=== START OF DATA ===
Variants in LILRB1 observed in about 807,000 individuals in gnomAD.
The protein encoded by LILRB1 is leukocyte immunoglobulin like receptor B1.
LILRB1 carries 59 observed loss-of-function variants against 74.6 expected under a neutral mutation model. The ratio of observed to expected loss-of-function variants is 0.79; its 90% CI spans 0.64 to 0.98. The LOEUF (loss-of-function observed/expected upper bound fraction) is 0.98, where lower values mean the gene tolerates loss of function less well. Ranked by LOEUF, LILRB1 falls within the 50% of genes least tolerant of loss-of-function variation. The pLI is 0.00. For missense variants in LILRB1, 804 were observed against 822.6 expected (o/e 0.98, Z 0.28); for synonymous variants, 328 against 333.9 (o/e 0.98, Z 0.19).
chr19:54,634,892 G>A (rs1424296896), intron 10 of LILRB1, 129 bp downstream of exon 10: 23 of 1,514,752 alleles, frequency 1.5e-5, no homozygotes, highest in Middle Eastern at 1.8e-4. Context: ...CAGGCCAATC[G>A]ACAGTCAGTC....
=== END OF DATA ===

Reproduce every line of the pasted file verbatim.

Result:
Variants in LILRB1 observed in about 807,000 individuals in gnomAD.
The protein encoded by LILRB1 is leukocyte immunoglobulin like receptor B1.
LILRB1 carries 59 observed loss-of-function variants against 74.6 expected under a neutral mutation model. The ratio of observed to expected loss-of-function variants is 0.79; its 90% CI spans 0.64 to 0.98. The LOEUF (loss-of-function observed/expected upper bound fraction) is 0.98, where lower values mean the gene tolerates loss of function less well. Ranked by LOEUF, LILRB1 falls within the 50% of genes least tolerant of loss-of-function variation. The pLI is 0.00. For missense variants in LILRB1, 804 were observed against 822.6 expected (o/e 0.98, Z 0.28); for synonymous variants, 328 against 333.9 (o/e 0.98, Z 0.19).
chr19:54,634,892 G>A (rs1424296896), intron 10 of LILRB1, 129 bp downstream of exon 10: 23 of 1,514,752 alleles, frequency 1.5e-5, no homozygotes, highest in Middle Eastern at 1.8e-4. Context: ...CAGGCCAATC[G>A]ACAGTCAGTC....